Christ’s gift of himself in every Mass is the ultimate thanksgiving feast
By Kevin Birnbaum
Turkey, stuffing, cranberry sauce, pumpkin pie — for many Americans, these are the images called to mind by the word "thanksgiving." Come the fourth Thursday in November, we lay out Grandma's china, the good crystal and the silver, and guests arrive bearing specially prepared side dishes and desserts. We set aside a day to spend with family, to give thanks for the good things in life and to enjoy a sumptuous banquet. It's the great American feast.
But for Catholics, the "Ultimate Thanksgiving Feast" isn't just an unattainable aspiration or a bad Food Network special. Every Sunday, we are invited to share in a feast infinitely richer than any earthly Thanksgiving spread: the Eucharist, "the source and summit of the Christian life," in the words of Vatican II.
Sharing in Christ's sacrifice
The word "Eucharist" comes from the Greek word for "thanksgiving," and at Mass we give thanks to God by joining our lives to Christ's sacrifice to his Father.
That sacrifice — Jesus' death on the cross, followed by his resurrection — is a historical event that occurred nearly 2,000 years ago, but it is an event "that does not pass away," said Benedictine Father Jeremy Driscoll, a professor of theology at Mount Angel Seminary in Oregon and the author of the popular book What Happens at Mass.
At every Mass, "the event of the death and resurrection of Jesus from the dead is made effectively present for us," Father Driscoll said. "The Mass is the effective means of contacting that event, of having communion in that event."
We share in Christ's sacrifice most fully by partaking of the Eucharist — the bread and wine that, by the power of the Holy Spirit and the words of the priest in the Mass, have been transformed into the very body and blood of Jesus.
Glorious, huge, terrifying
Catholics need to be constantly reminded what a big deal Mass really is, Father Driscoll said. In the Eucharist, "God is giving himself to the world in a total way — it's not just a little bit of God," he said.
"By definition, it is the biggest thing," he said. "It's glorious, it's huge, it's terrifying in a beautiful way."
And it should make a difference in the lives of those who share in it, because in the Eucharist Jesus gives us his very being, which is perfect, infinite love.
"The individual person that's trying to love needs to be aware that he or she has supernatural powers, that there's no limit to the love that one can give," Father Driscoll said. "We see that in the saints. You can't explain their great charity apart from this."
In a very real sense, the Eucharist is the source of our life, so much so that the church says that skipping Mass is a mortal sin.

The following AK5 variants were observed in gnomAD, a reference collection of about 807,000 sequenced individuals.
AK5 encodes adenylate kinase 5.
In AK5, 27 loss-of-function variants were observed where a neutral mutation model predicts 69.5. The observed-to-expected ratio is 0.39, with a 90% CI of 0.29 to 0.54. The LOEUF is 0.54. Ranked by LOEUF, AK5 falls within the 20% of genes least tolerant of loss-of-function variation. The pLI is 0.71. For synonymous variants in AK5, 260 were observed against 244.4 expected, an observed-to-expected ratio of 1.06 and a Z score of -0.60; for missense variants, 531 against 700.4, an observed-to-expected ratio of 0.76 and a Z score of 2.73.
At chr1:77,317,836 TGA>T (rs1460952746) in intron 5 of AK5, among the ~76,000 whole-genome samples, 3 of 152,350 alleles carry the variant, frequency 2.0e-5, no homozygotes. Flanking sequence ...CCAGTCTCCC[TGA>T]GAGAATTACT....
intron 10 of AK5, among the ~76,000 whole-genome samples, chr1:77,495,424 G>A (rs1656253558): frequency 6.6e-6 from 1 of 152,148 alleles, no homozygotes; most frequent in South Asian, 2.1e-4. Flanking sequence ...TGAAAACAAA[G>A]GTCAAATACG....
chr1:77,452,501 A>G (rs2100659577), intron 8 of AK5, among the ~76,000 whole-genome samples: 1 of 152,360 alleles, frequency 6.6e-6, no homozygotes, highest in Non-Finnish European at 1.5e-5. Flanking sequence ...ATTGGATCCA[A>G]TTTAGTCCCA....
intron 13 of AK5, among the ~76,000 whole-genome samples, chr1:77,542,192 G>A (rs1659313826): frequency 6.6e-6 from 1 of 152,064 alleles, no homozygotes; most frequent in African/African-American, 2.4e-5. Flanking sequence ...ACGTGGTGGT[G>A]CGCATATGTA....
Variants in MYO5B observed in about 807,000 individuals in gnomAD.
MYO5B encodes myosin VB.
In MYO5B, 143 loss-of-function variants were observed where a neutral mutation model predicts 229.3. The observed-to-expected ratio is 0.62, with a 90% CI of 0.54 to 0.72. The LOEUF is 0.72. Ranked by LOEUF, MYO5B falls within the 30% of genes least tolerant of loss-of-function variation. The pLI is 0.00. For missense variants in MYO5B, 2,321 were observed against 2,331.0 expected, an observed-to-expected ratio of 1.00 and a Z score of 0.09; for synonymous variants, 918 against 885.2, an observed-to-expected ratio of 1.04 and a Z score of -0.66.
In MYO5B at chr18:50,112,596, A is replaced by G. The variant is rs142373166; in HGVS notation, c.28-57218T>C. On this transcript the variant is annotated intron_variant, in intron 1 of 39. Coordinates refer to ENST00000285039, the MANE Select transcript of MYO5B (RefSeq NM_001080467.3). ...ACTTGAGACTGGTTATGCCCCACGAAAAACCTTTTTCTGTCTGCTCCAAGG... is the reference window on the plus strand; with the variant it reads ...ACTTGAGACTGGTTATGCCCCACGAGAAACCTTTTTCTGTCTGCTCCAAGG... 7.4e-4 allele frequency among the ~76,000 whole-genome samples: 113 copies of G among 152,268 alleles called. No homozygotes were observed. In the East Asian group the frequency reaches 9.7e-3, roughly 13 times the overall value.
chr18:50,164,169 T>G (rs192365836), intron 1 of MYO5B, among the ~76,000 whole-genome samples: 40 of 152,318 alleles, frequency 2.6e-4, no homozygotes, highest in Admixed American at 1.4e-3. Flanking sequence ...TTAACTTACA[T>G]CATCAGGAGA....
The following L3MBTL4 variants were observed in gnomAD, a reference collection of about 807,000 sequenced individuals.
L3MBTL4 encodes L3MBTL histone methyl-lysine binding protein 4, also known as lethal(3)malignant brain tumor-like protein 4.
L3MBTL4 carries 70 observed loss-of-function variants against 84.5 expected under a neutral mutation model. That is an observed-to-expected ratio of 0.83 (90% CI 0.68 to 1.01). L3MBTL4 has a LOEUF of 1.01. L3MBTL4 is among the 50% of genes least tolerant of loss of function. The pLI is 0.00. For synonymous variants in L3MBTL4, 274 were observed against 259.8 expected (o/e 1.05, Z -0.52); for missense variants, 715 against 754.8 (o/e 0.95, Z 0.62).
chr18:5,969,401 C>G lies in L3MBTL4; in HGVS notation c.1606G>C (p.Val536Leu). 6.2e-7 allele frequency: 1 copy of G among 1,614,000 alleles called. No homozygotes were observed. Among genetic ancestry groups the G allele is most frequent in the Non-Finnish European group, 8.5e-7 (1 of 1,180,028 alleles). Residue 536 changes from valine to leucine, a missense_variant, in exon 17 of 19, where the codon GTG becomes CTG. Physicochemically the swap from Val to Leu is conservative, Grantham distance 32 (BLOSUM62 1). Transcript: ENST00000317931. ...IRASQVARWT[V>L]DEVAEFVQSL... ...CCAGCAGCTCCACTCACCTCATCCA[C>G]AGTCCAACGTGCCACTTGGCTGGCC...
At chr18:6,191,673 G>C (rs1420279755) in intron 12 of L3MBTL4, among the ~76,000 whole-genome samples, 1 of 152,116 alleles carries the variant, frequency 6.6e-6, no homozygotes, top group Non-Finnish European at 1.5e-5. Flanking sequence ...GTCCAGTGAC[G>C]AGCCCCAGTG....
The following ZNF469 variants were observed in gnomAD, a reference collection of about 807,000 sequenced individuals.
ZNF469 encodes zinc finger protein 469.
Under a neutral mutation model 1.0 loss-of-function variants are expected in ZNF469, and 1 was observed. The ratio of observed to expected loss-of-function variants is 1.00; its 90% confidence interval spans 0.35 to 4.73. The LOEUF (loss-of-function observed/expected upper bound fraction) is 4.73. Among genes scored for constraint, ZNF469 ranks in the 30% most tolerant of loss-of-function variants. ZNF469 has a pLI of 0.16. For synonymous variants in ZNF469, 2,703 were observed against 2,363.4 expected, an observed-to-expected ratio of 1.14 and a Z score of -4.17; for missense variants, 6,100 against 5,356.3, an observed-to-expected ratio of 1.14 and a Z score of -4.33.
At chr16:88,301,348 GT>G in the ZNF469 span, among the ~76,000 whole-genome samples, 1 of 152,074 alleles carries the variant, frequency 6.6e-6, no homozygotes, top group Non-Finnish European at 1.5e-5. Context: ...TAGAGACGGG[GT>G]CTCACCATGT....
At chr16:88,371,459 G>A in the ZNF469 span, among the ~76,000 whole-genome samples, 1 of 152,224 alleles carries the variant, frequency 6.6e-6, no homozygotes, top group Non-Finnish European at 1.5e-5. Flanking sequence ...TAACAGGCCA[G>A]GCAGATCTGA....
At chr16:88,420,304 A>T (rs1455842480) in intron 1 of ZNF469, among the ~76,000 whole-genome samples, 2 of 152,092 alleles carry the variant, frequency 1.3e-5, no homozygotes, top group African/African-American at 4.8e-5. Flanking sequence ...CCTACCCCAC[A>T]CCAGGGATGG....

"Let's think about the phrase 'mortal sin,'" Father Driscoll said. "It doesn't mean: Here's a rule — if you don't keep it, we're going to smash you. What it means is: mortal. If you don't do this, you'll die. Your soul will die. Your Catholic life will die. There's no Catholic life without regular access to this."
Worship worthy of God
But through the Eucharist, we are brought to life precisely by sharing in Christ's death on the cross.
"In the death of Christ, the reality of death and sin in the world is effectively dealt with," said Father Driscoll. "Death is the problem of human existence. Everything in us rebels against it — rightly so, because we're not made for death."
Death is the result of sin, of our saying "no" to God. But Jesus is God in the flesh, perfectly sinless — he does not need to die, but he submits to death out of love for us. Jesus thereby changes what death is and what it means.
"Death used to say 'human refusal of God's will.' Now death says 'divine love,'" Father Driscoll said. "Death becomes a door through which we enter into a total share in the divine life. This completely changes the meaning of human existence, so it's enormous."
By offering our lives to God in communion with Christ's sacrifice made present in the Mass, we give God thanks for "all that he's done in the dying and rising of Jesus," Father Driscoll said.
"In and of ourselves, it's impossible that we can offer a thanksgiving that's commensurate with his gifts, but through Christ and with Christ and in Christ, we offer a commensurate thanks — we offer something worthy of God's majesty and glory. That's effectively achieved in the Mass. That's what's magnificent about it. It's worship worthy of God."
THE ORIGIN OF THE EUCHARIST
Jesus instituted the Eucharist at the Last Supper, as recorded in the Gospels: "While they were eating, Jesus took bread, said the blessing, broke it, and giving it to his disciples said, 'Take and eat; this is my body.' Then he took a cup, gave thanks, and gave it to them, saying, 'Drink from it, all of you, for this is my blood of the covenant, which will be shed on behalf of many for the forgiveness of sins.'" (Matthew 26:26-28)
October 18, 2013